Records obtained by the Guardian show that Kensington and Chelsea council raised £4.5 million from the sale of two council houses last year, which the newspaper notes is more than the £3.5 million outlay on the controversial cladding system added to Grenfell Tower.
The two houses were among a dozen sold off by the local authority in the year to April, bringing in a total of £8 million.
The documents also confirm that the council saved almost £300,000 by changing the cladding used on Grenfell Tower from zinc to aluminium, and around £60,000 worth of intended works to duct panels and ventilation grilles for gas risers were scrapped.
Meanwhile, the hapless council inadvertently leaked the identity of the owners of 1,652 properties in the borough that are recorded as unoccupied. Oligarchs, foreign royalty, offshore companies and multimillionaire businesspeople dominate the list, which shows more than a third of the homes (603) have been vacant for over two years, with the owners paying a 50 per cent premium on their council tax.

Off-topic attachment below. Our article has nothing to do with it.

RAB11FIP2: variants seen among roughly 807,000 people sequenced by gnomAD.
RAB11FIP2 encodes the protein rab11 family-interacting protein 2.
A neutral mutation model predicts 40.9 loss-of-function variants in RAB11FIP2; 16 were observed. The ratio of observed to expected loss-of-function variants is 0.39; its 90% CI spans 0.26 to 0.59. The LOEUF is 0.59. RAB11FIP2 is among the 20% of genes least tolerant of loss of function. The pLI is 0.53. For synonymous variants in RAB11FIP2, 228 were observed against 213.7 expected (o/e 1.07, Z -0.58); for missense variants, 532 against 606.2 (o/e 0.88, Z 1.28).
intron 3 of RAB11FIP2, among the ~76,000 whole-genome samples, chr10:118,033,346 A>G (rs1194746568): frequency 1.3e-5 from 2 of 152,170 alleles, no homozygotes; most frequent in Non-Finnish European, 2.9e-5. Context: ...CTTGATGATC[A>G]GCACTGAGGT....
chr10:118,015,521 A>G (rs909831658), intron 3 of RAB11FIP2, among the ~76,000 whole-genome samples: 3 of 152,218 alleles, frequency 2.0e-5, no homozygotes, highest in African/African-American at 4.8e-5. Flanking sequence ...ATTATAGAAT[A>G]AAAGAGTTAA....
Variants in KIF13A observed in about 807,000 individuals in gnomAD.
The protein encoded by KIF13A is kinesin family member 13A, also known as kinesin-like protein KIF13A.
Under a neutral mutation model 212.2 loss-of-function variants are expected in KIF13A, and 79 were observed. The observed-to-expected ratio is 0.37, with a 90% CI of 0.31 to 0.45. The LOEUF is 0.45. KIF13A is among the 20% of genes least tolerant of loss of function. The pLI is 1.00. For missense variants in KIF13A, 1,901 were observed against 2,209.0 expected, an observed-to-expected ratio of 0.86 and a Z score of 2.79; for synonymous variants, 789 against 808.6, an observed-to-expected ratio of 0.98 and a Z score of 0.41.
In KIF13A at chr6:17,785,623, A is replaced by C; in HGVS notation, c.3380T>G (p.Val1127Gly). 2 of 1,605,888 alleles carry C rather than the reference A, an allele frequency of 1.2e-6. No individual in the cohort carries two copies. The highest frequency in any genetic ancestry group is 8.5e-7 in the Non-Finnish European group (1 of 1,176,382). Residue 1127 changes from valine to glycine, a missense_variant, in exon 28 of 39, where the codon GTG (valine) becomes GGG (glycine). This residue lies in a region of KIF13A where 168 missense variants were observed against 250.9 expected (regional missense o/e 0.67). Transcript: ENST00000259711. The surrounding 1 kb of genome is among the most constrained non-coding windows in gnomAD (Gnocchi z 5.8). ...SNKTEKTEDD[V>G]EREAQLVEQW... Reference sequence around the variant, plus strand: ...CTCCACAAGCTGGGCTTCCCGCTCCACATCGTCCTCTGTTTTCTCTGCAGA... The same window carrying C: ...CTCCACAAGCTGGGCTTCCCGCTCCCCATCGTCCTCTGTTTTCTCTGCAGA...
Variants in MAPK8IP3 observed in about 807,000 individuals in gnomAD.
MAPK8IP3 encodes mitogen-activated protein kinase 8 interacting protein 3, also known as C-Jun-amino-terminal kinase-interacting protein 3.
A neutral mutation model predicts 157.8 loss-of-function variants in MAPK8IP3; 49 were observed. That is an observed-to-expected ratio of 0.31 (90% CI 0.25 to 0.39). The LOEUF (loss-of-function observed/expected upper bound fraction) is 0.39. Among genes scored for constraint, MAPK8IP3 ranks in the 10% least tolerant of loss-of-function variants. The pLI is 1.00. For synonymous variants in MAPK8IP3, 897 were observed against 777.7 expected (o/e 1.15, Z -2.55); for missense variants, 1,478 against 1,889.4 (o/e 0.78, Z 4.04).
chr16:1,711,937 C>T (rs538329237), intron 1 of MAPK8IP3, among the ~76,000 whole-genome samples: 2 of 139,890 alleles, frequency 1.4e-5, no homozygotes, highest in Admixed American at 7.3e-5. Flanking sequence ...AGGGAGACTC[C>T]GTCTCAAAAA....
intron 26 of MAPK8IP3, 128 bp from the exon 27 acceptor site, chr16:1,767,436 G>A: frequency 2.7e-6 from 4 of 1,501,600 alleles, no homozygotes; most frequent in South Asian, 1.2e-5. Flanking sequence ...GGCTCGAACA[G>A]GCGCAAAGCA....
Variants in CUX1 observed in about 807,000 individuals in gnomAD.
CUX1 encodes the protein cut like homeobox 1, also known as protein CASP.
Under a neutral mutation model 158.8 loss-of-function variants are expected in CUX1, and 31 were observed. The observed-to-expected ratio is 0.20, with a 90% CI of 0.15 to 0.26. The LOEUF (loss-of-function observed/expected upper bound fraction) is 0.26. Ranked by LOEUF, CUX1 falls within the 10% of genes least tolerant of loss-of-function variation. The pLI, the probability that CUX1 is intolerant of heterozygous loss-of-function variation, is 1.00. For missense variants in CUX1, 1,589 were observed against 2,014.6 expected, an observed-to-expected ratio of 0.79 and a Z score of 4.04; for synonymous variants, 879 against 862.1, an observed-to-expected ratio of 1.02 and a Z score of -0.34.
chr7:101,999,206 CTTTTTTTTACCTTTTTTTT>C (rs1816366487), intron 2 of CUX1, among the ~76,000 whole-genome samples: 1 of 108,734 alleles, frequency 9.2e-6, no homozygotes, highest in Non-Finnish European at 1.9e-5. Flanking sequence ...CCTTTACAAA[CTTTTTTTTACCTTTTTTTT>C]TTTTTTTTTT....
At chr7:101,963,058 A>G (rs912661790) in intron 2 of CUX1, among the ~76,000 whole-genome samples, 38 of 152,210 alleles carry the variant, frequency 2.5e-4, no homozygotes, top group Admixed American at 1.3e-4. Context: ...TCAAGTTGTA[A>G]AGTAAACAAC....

A further 1,010 are classified as unoccupied and substantially unfurnished, and the remainder – just 39 – have been empty for less than a year and are undergoing building work.
Buy to let
Research for London mayor Sadiq Khan shows that foreign investors are buying up thousands of London homes suitable for first-time buyers, often using them as buy-to-let investments. Foreign buyers bought 3,600 of London's 28,000 newly built homes between 2014 and 2016 – half of which were priced in the first-timer bracket of between £200,000 and £500,000.
In prime boroughs Westminster, Kensington and Chelsea, and the City, a third of new homes were snapped up by overseas buyers. Meanwhile, new figures from the ONS show that the typical home in the UK cost £220,100 in April, a rise of £3,500 on the previous month and a £12,000 increase from the same month a year ago.